DIY vs. Hiring out: When is it worth the time and cost of doing it yourself?

“If you want a thing done well, do it yourself.” – Napoleon Bonaparte

Jeanine and I recently spent two weekends improving our garage. We’ve lived in our house for three years and despite cleaning it out several times, we still couldn’t get 2 cars in the 2-car garage. When we did make room for my 8-year-old Volvo, it would eventually get banished back to the curb within days.

About a month ago we had our first home study appointment for the pending adoption and the social worker pointed out the many violations in our garage that would require child-proofing. We decided before her second appointment, we should tackle this albatross and finally make the 2-car garage live up to its name. The social worker returned with her checklist last week and the house and garage passed with flying colors. The garage feels like a bonus in all this baby preparation.

There’s also something very family-like when I look at the house now with two cars in the garage. Parking in front always seemed a bit transient… like I’m not getting too comfortable here or perhaps I don’t belong or I’m just renting. But homeowners have rights to the garage. It’s a good feeling.

So what exactly did we do? We applied floor coating, installed shelves and made two trips to the Goodwill. I’m not sure why we thought the floor and shelves were going to be too challenging to make this a do-it-yourself venture. But the thought stalled us for years and we never got around to doing this project. We’ve had garage-envy many a times when we’d see a friend’s garage with that high-end epoxy floor coating. To have this professionally done, it will set you back about $1,500.

When it comes to DIY projects, I try to follow the same rules as Madame X at MyOpenWallet:

  • Don’t pay someone else to do what you can easily do yourself
  • Pay others to do anything that you might really f**k up!
  • If you can really make better use of the time, pay someone to do things that take up time
We always felt like the floor project might fall in the “really f**k up” category. But we started that Saturday with a trip to our neighborhood Ace hardware store. The guy in the paint department spent 20 minutes with us (you won’t find that at Home Depot) and carefully explained the directions of the Rustoleum Epoxy Shield Garage Floor Coating Kit (we needed 2 kits for the 2-car garage). This set us back about $130.

In order to prep the garage, we moved everything out and on to the back patio. Once it was empty, the shelving (installed by the previous owners) looked bulky and make-shift and the depth was one of the reasons why it was too tight to fit two cars. Jeanine and I looked at each other and made the dyke-with-a-sledge-hammer decision to demolish all four industrial-sized shelves. Now we were committed.

While phase one of the floor coating was drying we went to The Container Store and bought $525 worth of InterMetro Shelves that we had to assemble ourselves. We did and after phase two was completed we put everything back. We also bought heavy duty bike-racks for the walls. I did the drilling. I’m a wall-stud expert now and the bikes are hanging properly like civilized city people.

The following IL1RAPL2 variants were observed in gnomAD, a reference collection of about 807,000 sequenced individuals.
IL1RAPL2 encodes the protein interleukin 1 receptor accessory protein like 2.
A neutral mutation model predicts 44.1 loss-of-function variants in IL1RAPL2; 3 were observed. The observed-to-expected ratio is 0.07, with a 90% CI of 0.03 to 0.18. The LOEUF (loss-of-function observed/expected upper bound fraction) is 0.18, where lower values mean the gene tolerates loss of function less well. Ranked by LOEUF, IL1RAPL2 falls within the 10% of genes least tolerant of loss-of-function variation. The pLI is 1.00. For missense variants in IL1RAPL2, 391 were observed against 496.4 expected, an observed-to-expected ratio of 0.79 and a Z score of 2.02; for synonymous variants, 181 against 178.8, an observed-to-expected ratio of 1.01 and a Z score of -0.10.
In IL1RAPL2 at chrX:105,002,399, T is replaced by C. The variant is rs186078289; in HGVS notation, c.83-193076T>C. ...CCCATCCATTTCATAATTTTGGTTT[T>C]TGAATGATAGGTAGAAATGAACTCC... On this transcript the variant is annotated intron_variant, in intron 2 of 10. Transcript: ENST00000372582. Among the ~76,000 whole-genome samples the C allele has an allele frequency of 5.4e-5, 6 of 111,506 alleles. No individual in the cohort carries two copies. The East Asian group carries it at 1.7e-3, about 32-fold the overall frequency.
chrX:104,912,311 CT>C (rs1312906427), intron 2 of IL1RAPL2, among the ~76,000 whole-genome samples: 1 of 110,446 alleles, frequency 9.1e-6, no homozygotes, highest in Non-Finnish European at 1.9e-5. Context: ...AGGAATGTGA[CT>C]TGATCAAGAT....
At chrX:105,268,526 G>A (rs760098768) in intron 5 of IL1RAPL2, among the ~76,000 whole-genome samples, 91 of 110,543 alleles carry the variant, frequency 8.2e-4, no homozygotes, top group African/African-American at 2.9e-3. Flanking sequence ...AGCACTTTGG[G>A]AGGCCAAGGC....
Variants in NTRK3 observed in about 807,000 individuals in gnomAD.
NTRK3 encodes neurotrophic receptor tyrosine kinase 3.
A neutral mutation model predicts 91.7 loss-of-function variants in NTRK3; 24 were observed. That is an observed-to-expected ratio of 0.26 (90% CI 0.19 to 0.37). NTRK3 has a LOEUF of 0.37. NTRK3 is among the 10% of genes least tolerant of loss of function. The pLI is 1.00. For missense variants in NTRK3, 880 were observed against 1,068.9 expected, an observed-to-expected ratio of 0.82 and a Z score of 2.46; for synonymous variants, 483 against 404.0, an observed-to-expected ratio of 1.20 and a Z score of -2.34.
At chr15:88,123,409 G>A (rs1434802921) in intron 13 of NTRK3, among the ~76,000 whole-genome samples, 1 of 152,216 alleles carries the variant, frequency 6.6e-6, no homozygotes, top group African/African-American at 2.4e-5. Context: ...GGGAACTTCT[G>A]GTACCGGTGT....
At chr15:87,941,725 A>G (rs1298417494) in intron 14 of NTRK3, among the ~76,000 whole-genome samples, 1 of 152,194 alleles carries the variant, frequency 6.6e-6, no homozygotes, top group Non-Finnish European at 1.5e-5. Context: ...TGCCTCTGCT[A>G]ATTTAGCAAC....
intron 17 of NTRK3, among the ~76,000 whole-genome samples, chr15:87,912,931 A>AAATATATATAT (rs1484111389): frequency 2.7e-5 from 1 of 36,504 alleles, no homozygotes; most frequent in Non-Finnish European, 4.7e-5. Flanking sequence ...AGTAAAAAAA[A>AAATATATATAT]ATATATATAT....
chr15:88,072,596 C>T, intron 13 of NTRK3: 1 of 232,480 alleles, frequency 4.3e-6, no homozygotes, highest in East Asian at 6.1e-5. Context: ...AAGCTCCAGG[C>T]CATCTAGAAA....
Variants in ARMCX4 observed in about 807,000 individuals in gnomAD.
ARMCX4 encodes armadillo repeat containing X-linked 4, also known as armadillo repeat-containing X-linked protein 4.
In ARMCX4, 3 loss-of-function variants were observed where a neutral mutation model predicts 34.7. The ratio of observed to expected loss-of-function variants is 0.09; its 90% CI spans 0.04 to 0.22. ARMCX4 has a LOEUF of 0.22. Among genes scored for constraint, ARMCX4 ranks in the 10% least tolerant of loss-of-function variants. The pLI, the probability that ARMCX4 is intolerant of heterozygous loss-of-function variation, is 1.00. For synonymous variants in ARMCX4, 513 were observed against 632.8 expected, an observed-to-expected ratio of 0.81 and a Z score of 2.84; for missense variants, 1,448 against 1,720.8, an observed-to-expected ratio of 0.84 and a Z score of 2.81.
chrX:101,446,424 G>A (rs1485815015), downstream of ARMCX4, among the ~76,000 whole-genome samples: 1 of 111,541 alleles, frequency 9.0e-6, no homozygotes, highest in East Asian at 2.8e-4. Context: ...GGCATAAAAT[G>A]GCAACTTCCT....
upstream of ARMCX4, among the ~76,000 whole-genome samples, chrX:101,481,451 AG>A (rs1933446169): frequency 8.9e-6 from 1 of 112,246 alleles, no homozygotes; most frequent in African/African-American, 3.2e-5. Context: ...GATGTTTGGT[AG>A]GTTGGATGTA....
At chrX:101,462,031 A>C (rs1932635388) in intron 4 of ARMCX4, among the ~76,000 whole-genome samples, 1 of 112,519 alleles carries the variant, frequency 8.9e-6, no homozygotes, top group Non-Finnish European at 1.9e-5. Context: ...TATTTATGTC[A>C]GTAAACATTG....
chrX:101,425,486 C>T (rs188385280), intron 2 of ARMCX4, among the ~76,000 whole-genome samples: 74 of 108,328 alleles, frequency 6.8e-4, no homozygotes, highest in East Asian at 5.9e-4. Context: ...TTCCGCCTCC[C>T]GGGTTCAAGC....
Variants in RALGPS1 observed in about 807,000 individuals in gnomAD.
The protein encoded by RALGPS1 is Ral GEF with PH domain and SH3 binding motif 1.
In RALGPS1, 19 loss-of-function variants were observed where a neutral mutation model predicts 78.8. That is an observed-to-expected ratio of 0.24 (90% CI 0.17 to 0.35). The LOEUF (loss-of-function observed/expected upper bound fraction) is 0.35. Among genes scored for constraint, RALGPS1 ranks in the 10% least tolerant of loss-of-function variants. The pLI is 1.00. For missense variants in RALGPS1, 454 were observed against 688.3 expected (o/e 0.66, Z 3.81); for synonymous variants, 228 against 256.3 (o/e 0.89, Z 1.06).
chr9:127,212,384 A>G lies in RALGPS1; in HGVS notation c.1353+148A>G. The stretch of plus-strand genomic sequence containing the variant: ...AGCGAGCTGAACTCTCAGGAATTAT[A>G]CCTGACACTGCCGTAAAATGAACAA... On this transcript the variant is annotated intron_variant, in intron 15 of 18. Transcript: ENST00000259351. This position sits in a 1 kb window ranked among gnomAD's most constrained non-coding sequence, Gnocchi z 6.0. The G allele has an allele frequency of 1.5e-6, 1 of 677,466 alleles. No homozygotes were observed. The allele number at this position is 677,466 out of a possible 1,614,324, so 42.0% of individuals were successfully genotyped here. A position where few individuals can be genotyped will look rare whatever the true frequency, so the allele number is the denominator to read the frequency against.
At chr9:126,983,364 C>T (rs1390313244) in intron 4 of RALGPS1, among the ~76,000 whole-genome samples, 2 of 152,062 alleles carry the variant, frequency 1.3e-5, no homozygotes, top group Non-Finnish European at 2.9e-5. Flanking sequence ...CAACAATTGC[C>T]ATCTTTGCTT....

All the supplies, tools, etc. set us back less $800. We have a new garage (that we improved ourselves) for a fraction of the cost if we had hired out. And apparently people are hiring this project out. Curbly, a site for expert home-improvement advice writes:

Companies devoted strictly to the beautification of garages are springing up everywhere. They offer kitchen-quality cabinetry with European hinges, specialty organizers–including grid walls and bike hoists–and durable floor coating systems.

One such company, Premier Garage, bills itself as the leader in garage remodeling. Questioning one of their sales representatives at a recent home remodeling show, I was told that a standard 2-stall garage could be transformed in 48 hours for about $5,000. When all is said and done, it would probably look nicer than most people’s kitchens, and for 5 grand, it should.
We did ours for one fifth of the cost! J.D. at Get Rich Slowly has his rules too when it comes to doing home improvement projects. He suggests:

The cost and convenience of buying in the store or hiring out often outweigh the advantages of making things yourself. But don’t be duped. There are still many reasons to produce things with your own hands:
  • Superior quality of goods and workmanship.
  • Easy customization to suit your needs.
  • The satisfaction of a job well-done.
To make this worthwhile, do what you love. If you’re doing something you enjoy, something you consider fun, then the cost of your time is not a factor. If I’m planting, growing, and picking grapes, I’m having a good time. But I’d hate to replace my own roof, even if it would save me money.
J.D. also swears by the Reader’s Digest Complete Do-It-Yourself Manual. Of course, not every home improvement project should be a do-it-yourself venture. The DIY Life site and blog have a “Don’t-It-Yourself” category in their home improvement section. You might want to take note.

But epoxy floor coating — take it from two lesbians with an ugly garage — it’s a cinch to do-it-yourself and you’ll love saving a lot of money! So what projects do you DIY instead of hiring out? And what’s been the cost savings? Feel free to comment over at Queercents.